Originally Posted by BCK
I don’t pull mine out all the way either most of the time but you are better off to do so unless using reduced load. RV cords are good quality and relatively large but the warnings are still there for a reason.
Coiling reduces the ability to dissipate heat and as heat increases so does resistance further adding to increased heat which is why in some cases the insulation can be compromised. The electrical code deals with safe heat dissipation by reducing the allowable ampacity for cords when in close proximity for a distance of 600mm (23”) or more which occurs when coiled. The #10 STW cord with 2 current carrying conductors is rated for 30A max load. Electrical Code rules for cords reduce the max current to allow for safe heat dissipation as follows: 2-3 coils = 80% or 24A max load; 4-12 coils = 70% or 21A max load; 13-21 coils = 60% or 18A max load; 22+ coils = 50% or 15A max load.
So you can see that there are actual reasons not to coil an extension cord and especially longer ones with smaller cable size carrying close to their max load. The percentages for reducing max current apply to all rated cord ampacities.
The myth part is around induction. In a 2 wire AC cct no induction occurs because the voltage and current curves in the two conductors are exactly opposite at any given time and effectively cancels to zero. Induction, eddy currents, sheath currents etc. are a problem with single conductor AC cables and there are different precautions and install methods to correct for it.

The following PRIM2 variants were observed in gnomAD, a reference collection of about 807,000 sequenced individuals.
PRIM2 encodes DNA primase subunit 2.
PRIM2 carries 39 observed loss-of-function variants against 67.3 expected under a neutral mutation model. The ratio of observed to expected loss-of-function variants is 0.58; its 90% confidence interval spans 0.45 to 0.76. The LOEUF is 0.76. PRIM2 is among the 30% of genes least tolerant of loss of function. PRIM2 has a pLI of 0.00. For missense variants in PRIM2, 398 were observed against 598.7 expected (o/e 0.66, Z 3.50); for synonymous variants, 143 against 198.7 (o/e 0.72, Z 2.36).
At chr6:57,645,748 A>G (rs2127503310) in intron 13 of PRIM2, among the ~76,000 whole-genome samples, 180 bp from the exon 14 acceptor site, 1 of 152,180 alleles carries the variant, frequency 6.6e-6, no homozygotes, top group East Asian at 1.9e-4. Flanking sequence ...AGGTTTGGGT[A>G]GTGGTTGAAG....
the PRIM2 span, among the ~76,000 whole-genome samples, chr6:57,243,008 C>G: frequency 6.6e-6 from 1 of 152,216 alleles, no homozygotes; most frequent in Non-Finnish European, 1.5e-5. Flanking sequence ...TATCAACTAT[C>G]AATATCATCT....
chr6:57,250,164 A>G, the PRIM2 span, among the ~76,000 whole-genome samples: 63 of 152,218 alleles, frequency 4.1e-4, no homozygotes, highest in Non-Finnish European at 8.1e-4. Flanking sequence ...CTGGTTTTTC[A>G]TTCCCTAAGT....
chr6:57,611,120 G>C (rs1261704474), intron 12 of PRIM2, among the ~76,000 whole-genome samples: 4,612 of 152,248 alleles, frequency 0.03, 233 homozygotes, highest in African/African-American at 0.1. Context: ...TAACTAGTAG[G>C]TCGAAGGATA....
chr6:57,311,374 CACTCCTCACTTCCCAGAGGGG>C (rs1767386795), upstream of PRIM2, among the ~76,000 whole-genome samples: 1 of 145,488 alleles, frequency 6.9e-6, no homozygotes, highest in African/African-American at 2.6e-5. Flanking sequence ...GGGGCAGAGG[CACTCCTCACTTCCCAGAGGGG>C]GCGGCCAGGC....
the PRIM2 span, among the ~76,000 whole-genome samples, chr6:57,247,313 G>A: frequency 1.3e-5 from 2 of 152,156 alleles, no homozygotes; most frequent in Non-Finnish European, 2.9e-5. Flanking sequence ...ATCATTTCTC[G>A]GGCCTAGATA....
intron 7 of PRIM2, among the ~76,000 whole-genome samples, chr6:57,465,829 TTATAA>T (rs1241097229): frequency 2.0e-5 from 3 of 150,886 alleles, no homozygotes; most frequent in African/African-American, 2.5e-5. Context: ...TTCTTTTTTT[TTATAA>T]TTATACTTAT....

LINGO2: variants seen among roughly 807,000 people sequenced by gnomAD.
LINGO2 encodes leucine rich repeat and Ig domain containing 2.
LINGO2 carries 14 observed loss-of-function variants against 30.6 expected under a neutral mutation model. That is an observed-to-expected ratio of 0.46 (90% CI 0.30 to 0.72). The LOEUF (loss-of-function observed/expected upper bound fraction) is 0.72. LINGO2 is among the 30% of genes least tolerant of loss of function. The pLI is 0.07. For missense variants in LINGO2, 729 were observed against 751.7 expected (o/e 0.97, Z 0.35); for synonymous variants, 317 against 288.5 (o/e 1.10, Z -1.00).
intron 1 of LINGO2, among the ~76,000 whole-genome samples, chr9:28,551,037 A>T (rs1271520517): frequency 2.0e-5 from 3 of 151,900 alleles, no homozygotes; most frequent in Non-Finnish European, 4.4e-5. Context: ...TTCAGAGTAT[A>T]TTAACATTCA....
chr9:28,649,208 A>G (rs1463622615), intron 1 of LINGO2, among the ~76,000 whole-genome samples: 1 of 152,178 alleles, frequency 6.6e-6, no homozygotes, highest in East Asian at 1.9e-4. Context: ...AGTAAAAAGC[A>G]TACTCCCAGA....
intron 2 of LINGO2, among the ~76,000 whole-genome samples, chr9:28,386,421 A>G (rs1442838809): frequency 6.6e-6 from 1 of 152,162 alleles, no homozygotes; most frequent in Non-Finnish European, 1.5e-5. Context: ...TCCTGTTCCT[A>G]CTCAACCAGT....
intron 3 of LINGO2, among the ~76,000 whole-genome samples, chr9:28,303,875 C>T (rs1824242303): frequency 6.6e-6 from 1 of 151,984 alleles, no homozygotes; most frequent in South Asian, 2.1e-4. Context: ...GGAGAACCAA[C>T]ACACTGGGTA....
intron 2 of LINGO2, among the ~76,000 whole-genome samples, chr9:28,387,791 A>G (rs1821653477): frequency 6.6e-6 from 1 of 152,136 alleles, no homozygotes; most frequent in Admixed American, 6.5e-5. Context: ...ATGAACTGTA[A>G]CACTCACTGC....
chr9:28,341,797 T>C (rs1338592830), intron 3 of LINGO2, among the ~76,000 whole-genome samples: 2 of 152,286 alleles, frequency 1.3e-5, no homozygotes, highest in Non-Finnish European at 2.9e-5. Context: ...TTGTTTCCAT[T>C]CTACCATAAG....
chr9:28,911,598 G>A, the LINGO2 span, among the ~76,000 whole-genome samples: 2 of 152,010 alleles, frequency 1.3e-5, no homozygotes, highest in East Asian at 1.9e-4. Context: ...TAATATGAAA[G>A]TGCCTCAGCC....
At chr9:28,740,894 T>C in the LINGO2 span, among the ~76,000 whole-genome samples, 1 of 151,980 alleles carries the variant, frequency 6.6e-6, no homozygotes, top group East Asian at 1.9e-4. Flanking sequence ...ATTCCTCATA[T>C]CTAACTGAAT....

What NEC article are you referencing? And neutral is not a "current carrying conductor" according to the NEC. It is the "grounded conductor" and the green wire is the "grounding conductor". There is only a single "current carrying conductor" in a 30A shore cord.
A lot of times folks look something up on Google regarding the NEC. However, they don't pay attention to the definitions of conductor types or what the that particular article is discussing. I've seen folks quote NEC articles regarding the wiring of hospital generator feeds like they apply to RVs. Or current derating for multiple conductors of a 3-phase system in metallic conduit like it applies to a RV shore cord. Just wondering what article of the NEC requires derating of coiled shore cords. I'm fairly familiar with the NEC but I might have missed something.
You'd think the folks who manufacture cord reels and get them tested by UL would understand the coiled cord derating requirement of the NEC.
And I think I'm done with flogging this deceased equine. If folks want to worry about a coiled shore cord setting their rig on fire that's fine with me. But it won't.